Once all the heddles were threaded and tied off, the warp was centered and tied onto the back beam. The lease sticks were removed from the front cross and the warp was uncoiled. The beam was then turned so the yarns wrapped around the beam, with warp sticks being inserted through the entire warp at every 1/3 turn to keep even tension and prevent tangles. The warp was wrapped until only about 12 inches remained at the front.
To tie the warp onto the front apron rod, the general rule is to hold two bundles of six in each hand (four bundles total) and pull until the tension is even. Then, the bundles in each hand are wrapped over the apron stick, coming up from under and behind the rod and then tied in a tight overhand knot over themselves.
This was first done at both ends of the apron rod to keep it taut. Then, starting from the center and working its way outward towards both ends, we pulled and tied the bundles over the apron rod, keeping as consistent tension as possible and making sure that the reed was centered and all yarns were tied on so they ran straight from the back. Once they were all tied, we lightly touched each section with the back of a hand to test the tension, and tightened or loosened any outliers. When the tension was completely even, the overhand knots on the apron rod were tied into square knots and our warp was tied on!
Now, with a few cranks of the front beam, the warp was tight from back to front, evenly going through each heddle and reed, and ready for weaving!
The reed we are using on our table loom is 22 inches across, and with 10/2 yarn we will need about 24 yarn per inch, 528 yarns in total for the warp, with a length of 4.5 yards. Now that the yarn was nicely wound into balls, we could start measuring out the 528 yarns for the warp. Typically, hand weavers will use a warping frame to do this, which is a rigid rectangular wooden structure with pegs to wind the yarns around, creating the heddle cross to keep each yarn separate. However, this tool is particularly tedious to use for such a large quantity of yarn, and even when mounted on the wall, requires a great deal of shoulder and back endurance.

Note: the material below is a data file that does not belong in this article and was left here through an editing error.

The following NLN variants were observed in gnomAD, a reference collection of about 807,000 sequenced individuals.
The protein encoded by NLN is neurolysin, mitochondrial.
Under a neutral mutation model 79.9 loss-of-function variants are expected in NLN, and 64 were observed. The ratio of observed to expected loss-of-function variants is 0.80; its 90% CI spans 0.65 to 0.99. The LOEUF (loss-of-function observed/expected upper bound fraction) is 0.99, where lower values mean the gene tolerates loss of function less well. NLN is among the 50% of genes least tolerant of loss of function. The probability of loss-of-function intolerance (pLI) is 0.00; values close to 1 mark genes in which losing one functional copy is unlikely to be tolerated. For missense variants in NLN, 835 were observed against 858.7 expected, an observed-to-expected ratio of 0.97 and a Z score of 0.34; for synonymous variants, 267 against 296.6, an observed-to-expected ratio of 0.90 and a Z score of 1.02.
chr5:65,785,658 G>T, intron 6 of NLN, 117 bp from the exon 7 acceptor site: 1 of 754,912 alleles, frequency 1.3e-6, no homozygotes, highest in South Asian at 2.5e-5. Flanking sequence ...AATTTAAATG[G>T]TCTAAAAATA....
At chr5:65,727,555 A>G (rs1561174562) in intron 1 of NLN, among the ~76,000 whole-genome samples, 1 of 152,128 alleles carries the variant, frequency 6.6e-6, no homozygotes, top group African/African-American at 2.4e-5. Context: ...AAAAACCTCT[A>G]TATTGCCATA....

Fortunately, our weaving expert Lisa had a warping mill, which performs the same function as the warping frame except that it is a cylindrical shaped structure that rotates around a horizontal axis, thereby allowing the weaver to stand in one place and use the rotation of the frame to do the winding.
We wound the guide yard around the pegs, measuring out 4.5 yards and before winding the yarn back in the opposite direction. Then we tied on the end of the indigo-dyed yarn that had been neatly wound into a ball into the upper peg, and holding the yarn in my right hand to keep the tension, began turning the barrel of the mill.
Lisa advised us to wind all the warp at once, or at least, not leave any yarn on the mill to be continued the next day. It is important to keep the tension on the yarn consistent as you wind, to prevent length discrepancies. And to leave it on the mill for even a day makes it susceptible to loosening or even changes in your own mood, which might alter the tension.
I stood there for 3 hours turning the mill and winding the warp, with the yarn cutting through my right finger as it slid across. At every 22 yarns, I would tie two counting strings on either side of the cross to keep track of how many yarns I had tied. After the three hours, I had a beautifully long skein of indigo yarns, each strand individually combed. Lisa tied some secure ties at every few inches of the warp to prevent it from coming apart or moving, and then slipped the whole loop off of the mill. She put one end over her wrist and pulled the rest of the loop through, forming a loose chain to keep the yarns manageable, and we put it to the side to be put on the loom the next day.